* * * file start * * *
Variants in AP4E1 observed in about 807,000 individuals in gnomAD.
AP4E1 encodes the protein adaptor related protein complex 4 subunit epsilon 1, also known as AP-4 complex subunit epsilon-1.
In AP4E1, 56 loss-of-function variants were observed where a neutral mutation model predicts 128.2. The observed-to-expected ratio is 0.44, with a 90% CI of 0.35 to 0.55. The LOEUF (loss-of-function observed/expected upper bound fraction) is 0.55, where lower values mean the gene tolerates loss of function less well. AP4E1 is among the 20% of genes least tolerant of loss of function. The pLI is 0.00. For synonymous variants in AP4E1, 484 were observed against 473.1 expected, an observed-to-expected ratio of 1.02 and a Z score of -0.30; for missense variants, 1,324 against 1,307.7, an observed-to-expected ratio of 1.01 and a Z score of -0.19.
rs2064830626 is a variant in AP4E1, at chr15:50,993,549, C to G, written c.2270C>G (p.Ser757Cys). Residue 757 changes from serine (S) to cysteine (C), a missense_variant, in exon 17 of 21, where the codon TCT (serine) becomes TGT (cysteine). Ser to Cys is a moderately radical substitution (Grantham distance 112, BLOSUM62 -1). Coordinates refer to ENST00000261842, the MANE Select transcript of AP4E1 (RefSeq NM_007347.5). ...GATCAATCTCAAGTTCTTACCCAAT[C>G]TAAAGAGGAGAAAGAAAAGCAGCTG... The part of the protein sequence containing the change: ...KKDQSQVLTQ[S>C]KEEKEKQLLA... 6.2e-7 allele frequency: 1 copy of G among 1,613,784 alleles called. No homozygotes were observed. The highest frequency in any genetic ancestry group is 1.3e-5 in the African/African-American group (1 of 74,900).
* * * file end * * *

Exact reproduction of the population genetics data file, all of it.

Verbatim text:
Variants in AP4E1 observed in about 807,000 individuals in gnomAD.
AP4E1 encodes the protein adaptor related protein complex 4 subunit epsilon 1, also known as AP-4 complex subunit epsilon-1.
In AP4E1, 56 loss-of-function variants were observed where a neutral mutation model predicts 128.2. The observed-to-expected ratio is 0.44, with a 90% CI of 0.35 to 0.55. The LOEUF (loss-of-function observed/expected upper bound fraction) is 0.55, where lower values mean the gene tolerates loss of function less well. AP4E1 is among the 20% of genes least tolerant of loss of function. The pLI is 0.00. For synonymous variants in AP4E1, 484 were observed against 473.1 expected, an observed-to-expected ratio of 1.02 and a Z score of -0.30; for missense variants, 1,324 against 1,307.7, an observed-to-expected ratio of 1.01 and a Z score of -0.19.
rs2064830626 is a variant in AP4E1, at chr15:50,993,549, C to G, written c.2270C>G (p.Ser757Cys). Residue 757 changes from serine (S) to cysteine (C), a missense_variant, in exon 17 of 21, where the codon TCT (serine) becomes TGT (cysteine). Ser to Cys is a moderately radical substitution (Grantham distance 112, BLOSUM62 -1). Coordinates refer to ENST00000261842, the MANE Select transcript of AP4E1 (RefSeq NM_007347.5). ...GATCAATCTCAAGTTCTTACCCAAT[C>G]TAAAGAGGAGAAAGAAAAGCAGCTG... The part of the protein sequence containing the change: ...KKDQSQVLTQ[S>C]KEEKEKQLLA... 6.2e-7 allele frequency: 1 copy of G among 1,613,784 alleles called. No homozygotes were observed. The highest frequency in any genetic ancestry group is 1.3e-5 in the African/African-American group (1 of 74,900).